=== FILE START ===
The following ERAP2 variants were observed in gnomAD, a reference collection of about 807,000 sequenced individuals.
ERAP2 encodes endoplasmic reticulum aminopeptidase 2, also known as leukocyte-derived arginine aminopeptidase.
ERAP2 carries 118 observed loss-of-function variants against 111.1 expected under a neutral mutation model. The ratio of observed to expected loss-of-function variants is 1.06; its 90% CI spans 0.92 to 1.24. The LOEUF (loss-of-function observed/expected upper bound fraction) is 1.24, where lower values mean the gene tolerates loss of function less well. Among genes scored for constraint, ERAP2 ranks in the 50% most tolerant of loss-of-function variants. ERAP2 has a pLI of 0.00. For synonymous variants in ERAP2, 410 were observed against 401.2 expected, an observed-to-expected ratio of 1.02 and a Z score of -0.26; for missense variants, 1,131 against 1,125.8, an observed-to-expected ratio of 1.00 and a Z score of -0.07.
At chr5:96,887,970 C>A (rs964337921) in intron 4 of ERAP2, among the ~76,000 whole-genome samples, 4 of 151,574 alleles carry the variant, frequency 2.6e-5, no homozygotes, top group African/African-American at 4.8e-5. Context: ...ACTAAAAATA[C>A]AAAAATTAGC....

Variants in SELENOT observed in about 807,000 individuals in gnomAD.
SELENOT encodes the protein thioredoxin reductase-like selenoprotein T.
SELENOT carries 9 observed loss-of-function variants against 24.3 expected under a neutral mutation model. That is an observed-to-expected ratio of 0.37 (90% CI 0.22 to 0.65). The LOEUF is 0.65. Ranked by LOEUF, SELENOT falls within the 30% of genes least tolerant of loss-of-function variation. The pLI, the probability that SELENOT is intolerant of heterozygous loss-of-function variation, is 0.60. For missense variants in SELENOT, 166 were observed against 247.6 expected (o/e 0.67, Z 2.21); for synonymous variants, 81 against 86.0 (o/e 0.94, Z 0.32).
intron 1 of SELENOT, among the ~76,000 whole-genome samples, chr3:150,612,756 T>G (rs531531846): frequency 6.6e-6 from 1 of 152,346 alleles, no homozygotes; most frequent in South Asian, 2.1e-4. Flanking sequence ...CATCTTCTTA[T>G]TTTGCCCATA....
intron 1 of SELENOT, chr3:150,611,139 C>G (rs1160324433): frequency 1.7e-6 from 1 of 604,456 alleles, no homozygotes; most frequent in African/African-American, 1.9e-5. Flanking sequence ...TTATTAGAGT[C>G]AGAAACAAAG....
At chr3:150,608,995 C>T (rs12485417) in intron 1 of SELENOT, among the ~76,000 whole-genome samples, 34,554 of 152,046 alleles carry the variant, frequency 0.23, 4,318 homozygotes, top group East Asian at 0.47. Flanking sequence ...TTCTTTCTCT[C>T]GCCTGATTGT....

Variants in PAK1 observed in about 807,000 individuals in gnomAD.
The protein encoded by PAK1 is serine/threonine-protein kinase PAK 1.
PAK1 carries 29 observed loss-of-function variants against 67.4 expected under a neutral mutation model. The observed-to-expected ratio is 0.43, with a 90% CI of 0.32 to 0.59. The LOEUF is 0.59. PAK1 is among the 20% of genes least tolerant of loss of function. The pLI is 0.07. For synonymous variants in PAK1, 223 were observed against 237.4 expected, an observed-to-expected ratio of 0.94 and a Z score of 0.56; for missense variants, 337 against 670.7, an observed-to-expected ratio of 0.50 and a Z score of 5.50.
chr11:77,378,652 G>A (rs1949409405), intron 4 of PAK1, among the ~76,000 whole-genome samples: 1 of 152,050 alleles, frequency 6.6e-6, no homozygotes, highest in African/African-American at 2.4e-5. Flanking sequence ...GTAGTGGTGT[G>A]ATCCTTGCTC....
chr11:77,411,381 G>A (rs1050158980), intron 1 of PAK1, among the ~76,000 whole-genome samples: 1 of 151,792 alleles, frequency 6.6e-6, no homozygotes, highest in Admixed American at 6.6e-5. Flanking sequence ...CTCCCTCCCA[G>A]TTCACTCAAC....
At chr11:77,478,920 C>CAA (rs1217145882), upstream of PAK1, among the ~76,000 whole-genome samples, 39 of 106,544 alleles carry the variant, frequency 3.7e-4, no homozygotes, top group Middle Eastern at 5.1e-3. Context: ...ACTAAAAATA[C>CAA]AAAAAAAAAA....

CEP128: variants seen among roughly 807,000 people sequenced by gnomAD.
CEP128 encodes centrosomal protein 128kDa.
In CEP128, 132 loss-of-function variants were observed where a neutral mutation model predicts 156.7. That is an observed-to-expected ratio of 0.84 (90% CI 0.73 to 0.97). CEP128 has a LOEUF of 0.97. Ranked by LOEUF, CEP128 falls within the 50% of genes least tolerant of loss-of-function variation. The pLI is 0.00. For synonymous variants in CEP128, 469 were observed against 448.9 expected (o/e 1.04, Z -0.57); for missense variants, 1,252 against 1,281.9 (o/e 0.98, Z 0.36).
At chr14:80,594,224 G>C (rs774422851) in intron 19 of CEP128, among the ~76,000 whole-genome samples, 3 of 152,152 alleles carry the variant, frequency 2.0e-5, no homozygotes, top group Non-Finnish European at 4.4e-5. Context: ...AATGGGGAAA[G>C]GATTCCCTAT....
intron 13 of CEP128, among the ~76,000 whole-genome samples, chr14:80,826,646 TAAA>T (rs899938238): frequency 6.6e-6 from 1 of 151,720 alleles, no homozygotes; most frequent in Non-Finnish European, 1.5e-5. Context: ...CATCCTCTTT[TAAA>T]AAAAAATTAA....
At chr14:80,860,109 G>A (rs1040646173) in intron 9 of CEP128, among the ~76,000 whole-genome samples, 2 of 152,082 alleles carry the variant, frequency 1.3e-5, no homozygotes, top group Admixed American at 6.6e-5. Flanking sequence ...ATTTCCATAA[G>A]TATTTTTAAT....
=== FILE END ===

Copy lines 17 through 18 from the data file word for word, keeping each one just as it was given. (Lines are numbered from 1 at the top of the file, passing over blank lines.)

CEP128: variants seen among roughly 807,000 people sequenced by gnomAD.
CEP128 encodes centrosomal protein 128kDa.